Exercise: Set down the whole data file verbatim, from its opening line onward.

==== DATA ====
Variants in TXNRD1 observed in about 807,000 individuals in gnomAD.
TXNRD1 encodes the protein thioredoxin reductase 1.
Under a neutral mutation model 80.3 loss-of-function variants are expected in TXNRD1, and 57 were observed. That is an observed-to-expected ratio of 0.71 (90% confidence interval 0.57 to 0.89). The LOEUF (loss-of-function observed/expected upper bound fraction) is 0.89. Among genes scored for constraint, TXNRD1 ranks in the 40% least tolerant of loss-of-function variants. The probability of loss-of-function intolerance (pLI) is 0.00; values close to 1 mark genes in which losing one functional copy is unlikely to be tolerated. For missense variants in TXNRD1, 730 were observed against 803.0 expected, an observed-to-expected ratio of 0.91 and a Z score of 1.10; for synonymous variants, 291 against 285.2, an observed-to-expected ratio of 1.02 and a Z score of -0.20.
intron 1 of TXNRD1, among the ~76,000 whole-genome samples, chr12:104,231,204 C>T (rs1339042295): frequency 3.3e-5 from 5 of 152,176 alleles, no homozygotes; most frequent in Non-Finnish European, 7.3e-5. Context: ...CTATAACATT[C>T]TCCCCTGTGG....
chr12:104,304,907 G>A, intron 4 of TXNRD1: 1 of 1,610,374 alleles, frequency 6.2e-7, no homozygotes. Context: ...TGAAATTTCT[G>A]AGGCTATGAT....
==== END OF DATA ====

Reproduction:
Variants in TXNRD1 observed in about 807,000 individuals in gnomAD.
TXNRD1 encodes the protein thioredoxin reductase 1.
Under a neutral mutation model 80.3 loss-of-function variants are expected in TXNRD1, and 57 were observed. That is an observed-to-expected ratio of 0.71 (90% confidence interval 0.57 to 0.89). The LOEUF (loss-of-function observed/expected upper bound fraction) is 0.89. Among genes scored for constraint, TXNRD1 ranks in the 40% least tolerant of loss-of-function variants. The probability of loss-of-function intolerance (pLI) is 0.00; values close to 1 mark genes in which losing one functional copy is unlikely to be tolerated. For missense variants in TXNRD1, 730 were observed against 803.0 expected, an observed-to-expected ratio of 0.91 and a Z score of 1.10; for synonymous variants, 291 against 285.2, an observed-to-expected ratio of 1.02 and a Z score of -0.20.
intron 1 of TXNRD1, among the ~76,000 whole-genome samples, chr12:104,231,204 C>T (rs1339042295): frequency 3.3e-5 from 5 of 152,176 alleles, no homozygotes; most frequent in Non-Finnish European, 7.3e-5. Context: ...CTATAACATT[C>T]TCCCCTGTGG....
chr12:104,304,907 G>A, intron 4 of TXNRD1: 1 of 1,610,374 alleles, frequency 6.2e-7, no homozygotes. Context: ...TGAAATTTCT[G>A]AGGCTATGAT....